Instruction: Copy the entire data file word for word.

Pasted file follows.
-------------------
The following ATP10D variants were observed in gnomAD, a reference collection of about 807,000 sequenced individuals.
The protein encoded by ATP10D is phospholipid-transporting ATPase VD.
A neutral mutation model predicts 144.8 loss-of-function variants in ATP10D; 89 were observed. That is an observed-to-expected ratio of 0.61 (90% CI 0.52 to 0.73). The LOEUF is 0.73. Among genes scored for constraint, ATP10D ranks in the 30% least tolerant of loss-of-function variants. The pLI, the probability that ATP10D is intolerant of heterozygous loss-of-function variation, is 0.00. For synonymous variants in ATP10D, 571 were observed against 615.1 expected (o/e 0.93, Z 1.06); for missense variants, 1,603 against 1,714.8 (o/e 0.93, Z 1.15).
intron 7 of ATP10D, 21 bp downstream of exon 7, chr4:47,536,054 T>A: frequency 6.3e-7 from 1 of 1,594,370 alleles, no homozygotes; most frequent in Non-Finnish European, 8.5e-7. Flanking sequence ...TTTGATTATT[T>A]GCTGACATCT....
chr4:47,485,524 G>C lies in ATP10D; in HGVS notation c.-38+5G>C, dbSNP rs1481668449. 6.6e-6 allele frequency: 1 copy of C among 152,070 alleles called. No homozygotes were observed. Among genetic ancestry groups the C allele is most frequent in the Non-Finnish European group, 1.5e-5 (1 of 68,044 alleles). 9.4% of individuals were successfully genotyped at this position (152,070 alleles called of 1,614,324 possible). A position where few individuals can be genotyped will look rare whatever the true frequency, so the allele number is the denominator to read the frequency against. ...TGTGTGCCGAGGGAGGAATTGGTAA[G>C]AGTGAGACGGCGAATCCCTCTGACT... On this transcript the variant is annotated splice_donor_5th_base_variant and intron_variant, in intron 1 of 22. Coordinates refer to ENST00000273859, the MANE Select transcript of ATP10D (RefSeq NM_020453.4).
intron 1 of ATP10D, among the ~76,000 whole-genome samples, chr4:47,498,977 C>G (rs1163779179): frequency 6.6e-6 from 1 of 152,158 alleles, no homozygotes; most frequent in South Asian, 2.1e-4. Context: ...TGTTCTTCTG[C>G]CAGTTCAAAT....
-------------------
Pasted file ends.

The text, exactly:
The following ATP10D variants were observed in gnomAD, a reference collection of about 807,000 sequenced individuals.
The protein encoded by ATP10D is phospholipid-transporting ATPase VD.
A neutral mutation model predicts 144.8 loss-of-function variants in ATP10D; 89 were observed. That is an observed-to-expected ratio of 0.61 (90% CI 0.52 to 0.73). The LOEUF is 0.73. Among genes scored for constraint, ATP10D ranks in the 30% least tolerant of loss-of-function variants. The pLI, the probability that ATP10D is intolerant of heterozygous loss-of-function variation, is 0.00. For synonymous variants in ATP10D, 571 were observed against 615.1 expected (o/e 0.93, Z 1.06); for missense variants, 1,603 against 1,714.8 (o/e 0.93, Z 1.15).
intron 7 of ATP10D, 21 bp downstream of exon 7, chr4:47,536,054 T>A: frequency 6.3e-7 from 1 of 1,594,370 alleles, no homozygotes; most frequent in Non-Finnish European, 8.5e-7. Flanking sequence ...TTTGATTATT[T>A]GCTGACATCT....
chr4:47,485,524 G>C lies in ATP10D; in HGVS notation c.-38+5G>C, dbSNP rs1481668449. 6.6e-6 allele frequency: 1 copy of C among 152,070 alleles called. No homozygotes were observed. Among genetic ancestry groups the C allele is most frequent in the Non-Finnish European group, 1.5e-5 (1 of 68,044 alleles). 9.4% of individuals were successfully genotyped at this position (152,070 alleles called of 1,614,324 possible). A position where few individuals can be genotyped will look rare whatever the true frequency, so the allele number is the denominator to read the frequency against. ...TGTGTGCCGAGGGAGGAATTGGTAA[G>C]AGTGAGACGGCGAATCCCTCTGACT... On this transcript the variant is annotated splice_donor_5th_base_variant and intron_variant, in intron 1 of 22. Coordinates refer to ENST00000273859, the MANE Select transcript of ATP10D (RefSeq NM_020453.4).
intron 1 of ATP10D, among the ~76,000 whole-genome samples, chr4:47,498,977 C>G (rs1163779179): frequency 6.6e-6 from 1 of 152,158 alleles, no homozygotes; most frequent in South Asian, 2.1e-4. Context: ...TGTTCTTCTG[C>G]CAGTTCAAAT....